The band shares a diverse pool of musical backgrounds, which results in the unique sound of their music. Wyvern is currently working on their second album, blending their different musical experiences towards a modern-oriented sound, while maintaining the profound characteristics of old-school metal.
The band has turned their attention to finding a respectable international label under which they can further develop their talents and expose their music to the world. “The band has enough experience and repertoire to make that breakthrough, focusing on the creation of good music and going international will definitely work out,” said Ramy, Wyvern’s current guitarist.
Massive Scar Era – Challenging societal sensibilities since 2005
Defying virtually every concept of women in the predominantly conservative Egyptian society, Massive Scar Era (Mascara for short) began as an all-female, four-piece, face-melting band. In 2005, Sherine Amr lifted her guitar, and with a combination of talent and passion began to work on what was to become Mascara. Over the next year her dedication led her to find Nancy Mounir, the violinist that solidified their musical identity.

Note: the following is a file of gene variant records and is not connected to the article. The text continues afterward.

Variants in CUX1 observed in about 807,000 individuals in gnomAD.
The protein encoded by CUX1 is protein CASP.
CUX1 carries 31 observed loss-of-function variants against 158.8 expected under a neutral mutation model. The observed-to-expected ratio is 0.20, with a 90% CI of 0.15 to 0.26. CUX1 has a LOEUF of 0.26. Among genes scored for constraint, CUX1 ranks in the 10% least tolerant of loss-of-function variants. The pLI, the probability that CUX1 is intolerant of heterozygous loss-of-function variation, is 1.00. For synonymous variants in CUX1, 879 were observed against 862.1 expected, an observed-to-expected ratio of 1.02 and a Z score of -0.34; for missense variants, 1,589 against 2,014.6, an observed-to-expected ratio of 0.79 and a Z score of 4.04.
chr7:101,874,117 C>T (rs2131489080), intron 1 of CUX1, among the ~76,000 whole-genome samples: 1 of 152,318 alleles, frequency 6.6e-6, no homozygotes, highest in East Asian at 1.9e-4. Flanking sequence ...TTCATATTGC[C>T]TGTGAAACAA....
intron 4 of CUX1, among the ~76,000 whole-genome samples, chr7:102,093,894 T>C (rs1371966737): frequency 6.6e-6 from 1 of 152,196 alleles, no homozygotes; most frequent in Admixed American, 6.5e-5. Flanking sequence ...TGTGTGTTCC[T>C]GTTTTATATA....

Over the next two years the group was frequently undergoing changes in the line-up, with Nancy and Sherine being the permanent members. Finding ways to fuse Sherine’s passion for punk and hardcore music and Nancy’s eloquent classical melody, the girls managed to draw the attention of several venues and events in their hometown of Alexandria, eventually being invited to play at the SOS music festival.
By 2009, Sherine and Nancy decided to take their act to Cairo, and due to the frequency of their line-up rotation and the talent pool available in Cairo, the girls decided to forego the notion of an all-female group and took on Youssef Altay as the drummer. In that year, the group was given their first international stage in Sweden, at the annual Sweden Rock Festival. The band performed alongside musical giants such as Motörhead and Immortal.
Calling the current line-up a metal band may be a mistake, as their effective combination of thrash and classical melody leave many people surprised. “We play post-melodic hardcore, which is a mix between the hard-core riffs and many other genres,” Sherine explained. “We often have a wide mix of pop, punk and oriental influences, along with both the screaming vocals and the melodic soprano.”
This musical smorgasbord was not the end-goal Sherine had envisioned, saying the style had chosen them. Their current line-up consists of Sherine on vocals and guitar, Karim Ashraf on bass, Nancy and her violin and Maged Faltas on the drums. “I come from a punk and hardcore background,” Sherine explained. “Nancy comes from a very classical and oriental background, Karim comes from metalcore and Maged comes from a hardcore and blues background.”
Being accepted in Egypt’s metal scene as a woman was very hard for Sherine and having a female leading the group hadn’t made their job easier. “Most of the other bands did not take us seriously and did not really accept us,” Sherine said.